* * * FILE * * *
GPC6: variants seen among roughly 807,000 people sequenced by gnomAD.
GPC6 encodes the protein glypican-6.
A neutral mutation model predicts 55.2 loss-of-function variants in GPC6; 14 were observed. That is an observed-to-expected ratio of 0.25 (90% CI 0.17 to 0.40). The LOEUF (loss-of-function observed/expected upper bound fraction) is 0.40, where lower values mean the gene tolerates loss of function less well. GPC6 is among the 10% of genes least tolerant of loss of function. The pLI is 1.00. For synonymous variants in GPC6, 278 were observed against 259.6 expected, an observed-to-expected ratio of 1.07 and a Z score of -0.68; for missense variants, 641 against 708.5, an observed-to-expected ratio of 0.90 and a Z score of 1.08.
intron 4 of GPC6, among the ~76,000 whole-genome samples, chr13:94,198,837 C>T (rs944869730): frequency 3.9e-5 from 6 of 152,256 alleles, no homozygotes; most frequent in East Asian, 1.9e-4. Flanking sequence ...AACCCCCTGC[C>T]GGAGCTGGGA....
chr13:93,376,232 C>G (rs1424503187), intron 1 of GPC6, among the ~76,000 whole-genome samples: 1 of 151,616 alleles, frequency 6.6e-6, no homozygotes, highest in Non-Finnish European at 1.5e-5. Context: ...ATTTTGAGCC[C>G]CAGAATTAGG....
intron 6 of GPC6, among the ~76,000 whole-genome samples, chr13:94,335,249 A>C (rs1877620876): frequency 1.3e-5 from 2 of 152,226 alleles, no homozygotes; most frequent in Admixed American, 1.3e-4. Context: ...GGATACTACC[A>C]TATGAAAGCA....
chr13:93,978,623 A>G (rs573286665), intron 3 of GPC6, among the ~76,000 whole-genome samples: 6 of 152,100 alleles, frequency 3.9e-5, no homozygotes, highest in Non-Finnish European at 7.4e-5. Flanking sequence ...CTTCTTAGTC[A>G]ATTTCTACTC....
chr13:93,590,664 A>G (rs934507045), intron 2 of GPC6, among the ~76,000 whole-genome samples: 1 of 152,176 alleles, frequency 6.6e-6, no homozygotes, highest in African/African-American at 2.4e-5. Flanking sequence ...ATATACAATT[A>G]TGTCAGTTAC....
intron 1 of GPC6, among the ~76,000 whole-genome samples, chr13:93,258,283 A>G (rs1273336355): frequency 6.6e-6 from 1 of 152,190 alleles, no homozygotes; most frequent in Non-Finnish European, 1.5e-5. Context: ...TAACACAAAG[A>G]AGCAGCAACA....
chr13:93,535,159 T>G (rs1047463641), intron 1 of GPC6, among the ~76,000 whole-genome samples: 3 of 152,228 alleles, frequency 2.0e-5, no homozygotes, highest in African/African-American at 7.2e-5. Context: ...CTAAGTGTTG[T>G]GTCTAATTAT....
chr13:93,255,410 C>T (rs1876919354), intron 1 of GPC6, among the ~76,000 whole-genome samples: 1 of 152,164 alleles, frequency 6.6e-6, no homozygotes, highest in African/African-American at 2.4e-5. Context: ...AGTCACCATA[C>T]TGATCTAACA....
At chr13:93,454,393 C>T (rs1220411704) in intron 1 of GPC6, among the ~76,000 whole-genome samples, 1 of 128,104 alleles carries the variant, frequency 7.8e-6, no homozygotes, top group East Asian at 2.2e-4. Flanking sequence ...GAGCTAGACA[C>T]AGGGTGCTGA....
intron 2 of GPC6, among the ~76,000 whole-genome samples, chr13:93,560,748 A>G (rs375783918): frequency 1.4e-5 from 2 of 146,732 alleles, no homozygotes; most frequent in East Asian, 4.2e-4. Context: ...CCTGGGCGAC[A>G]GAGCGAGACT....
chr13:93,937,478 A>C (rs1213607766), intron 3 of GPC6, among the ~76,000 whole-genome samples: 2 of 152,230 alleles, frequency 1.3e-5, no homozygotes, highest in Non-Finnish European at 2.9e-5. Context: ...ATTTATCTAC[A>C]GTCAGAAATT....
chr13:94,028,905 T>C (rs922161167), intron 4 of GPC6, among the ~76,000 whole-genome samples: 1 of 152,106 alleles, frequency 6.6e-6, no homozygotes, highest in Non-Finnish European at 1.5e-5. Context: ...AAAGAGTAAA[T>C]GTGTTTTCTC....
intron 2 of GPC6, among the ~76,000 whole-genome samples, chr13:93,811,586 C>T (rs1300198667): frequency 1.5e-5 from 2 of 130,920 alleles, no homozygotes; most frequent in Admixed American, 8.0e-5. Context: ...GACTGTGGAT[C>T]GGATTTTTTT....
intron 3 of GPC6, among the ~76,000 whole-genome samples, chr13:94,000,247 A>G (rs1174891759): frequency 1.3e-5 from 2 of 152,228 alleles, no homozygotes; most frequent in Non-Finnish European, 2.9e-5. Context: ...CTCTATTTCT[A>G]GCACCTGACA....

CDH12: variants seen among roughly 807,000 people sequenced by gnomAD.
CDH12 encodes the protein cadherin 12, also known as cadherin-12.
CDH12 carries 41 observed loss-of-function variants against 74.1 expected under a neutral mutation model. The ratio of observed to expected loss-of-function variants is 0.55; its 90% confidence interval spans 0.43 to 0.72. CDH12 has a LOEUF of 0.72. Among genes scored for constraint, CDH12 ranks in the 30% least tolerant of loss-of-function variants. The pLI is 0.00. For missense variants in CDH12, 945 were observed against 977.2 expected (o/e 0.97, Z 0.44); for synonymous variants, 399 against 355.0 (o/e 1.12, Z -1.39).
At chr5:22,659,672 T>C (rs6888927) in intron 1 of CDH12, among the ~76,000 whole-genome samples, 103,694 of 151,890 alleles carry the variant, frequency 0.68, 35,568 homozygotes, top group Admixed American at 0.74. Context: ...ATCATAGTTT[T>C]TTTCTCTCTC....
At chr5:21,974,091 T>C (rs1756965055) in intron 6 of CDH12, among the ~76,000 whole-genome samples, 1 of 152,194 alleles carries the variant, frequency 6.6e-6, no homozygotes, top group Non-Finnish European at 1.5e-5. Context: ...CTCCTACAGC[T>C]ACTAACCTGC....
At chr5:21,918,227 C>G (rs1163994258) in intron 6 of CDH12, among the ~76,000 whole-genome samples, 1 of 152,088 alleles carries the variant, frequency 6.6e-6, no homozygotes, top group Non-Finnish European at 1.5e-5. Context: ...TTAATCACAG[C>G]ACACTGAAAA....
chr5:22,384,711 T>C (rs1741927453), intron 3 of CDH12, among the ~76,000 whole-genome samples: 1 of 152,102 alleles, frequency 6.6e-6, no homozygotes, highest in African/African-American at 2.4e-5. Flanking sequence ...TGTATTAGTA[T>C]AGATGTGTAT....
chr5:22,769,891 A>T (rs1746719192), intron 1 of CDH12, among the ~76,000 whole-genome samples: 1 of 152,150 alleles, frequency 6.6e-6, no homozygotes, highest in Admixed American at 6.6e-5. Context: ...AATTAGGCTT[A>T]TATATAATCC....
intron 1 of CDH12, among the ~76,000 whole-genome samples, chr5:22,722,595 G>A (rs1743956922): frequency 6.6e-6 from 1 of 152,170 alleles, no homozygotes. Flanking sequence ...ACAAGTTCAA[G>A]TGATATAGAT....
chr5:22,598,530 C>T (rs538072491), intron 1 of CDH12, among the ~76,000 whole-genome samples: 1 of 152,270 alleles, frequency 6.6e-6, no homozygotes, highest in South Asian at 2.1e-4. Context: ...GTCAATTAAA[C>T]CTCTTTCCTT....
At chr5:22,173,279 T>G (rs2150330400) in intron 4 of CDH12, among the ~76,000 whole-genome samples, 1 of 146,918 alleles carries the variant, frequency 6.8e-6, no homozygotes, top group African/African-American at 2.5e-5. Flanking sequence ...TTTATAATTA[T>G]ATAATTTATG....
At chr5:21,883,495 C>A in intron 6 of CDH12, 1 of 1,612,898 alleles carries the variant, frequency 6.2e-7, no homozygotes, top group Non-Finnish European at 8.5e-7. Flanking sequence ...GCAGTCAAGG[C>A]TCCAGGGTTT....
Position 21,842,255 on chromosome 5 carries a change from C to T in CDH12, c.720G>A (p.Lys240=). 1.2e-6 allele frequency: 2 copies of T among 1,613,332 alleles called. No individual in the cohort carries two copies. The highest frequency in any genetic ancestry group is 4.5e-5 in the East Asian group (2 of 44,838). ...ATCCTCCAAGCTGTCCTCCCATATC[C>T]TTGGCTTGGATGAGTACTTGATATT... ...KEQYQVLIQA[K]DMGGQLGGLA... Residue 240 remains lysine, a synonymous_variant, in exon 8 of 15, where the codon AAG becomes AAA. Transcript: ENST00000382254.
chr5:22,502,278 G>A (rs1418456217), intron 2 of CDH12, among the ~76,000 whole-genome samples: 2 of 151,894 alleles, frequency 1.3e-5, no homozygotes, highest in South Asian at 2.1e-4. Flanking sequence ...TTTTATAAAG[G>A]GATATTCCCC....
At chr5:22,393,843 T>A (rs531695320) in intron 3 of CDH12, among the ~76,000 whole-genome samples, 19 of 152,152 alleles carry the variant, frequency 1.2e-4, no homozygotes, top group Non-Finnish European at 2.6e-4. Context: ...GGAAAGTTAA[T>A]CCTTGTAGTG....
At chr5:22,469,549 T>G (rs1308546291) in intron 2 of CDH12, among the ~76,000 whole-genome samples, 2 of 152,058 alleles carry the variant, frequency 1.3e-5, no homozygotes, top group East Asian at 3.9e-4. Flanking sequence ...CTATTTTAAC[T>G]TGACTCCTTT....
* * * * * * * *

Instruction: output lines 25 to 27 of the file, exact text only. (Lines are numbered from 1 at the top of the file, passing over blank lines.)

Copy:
chr5:22,769,891 A>T (rs1746719192), intron 1 of CDH12, among the ~76,000 whole-genome samples: 1 of 152,150 alleles, frequency 6.6e-6, no homozygotes, highest in Admixed American at 6.6e-5. Context: ...AATTAGGCTT[A>T]TATATAATCC....
intron 1 of CDH12, among the ~76,000 whole-genome samples, chr5:22,722,595 G>A (rs1743956922): frequency 6.6e-6 from 1 of 152,170 alleles, no homozygotes. Flanking sequence ...ACAAGTTCAA[G>A]TGATATAGAT....
chr5:22,598,530 C>T (rs538072491), intron 1 of CDH12, among the ~76,000 whole-genome samples: 1 of 152,270 alleles, frequency 6.6e-6, no homozygotes, highest in South Asian at 2.1e-4. Context: ...GTCAATTAAA[C>T]CTCTTTCCTT....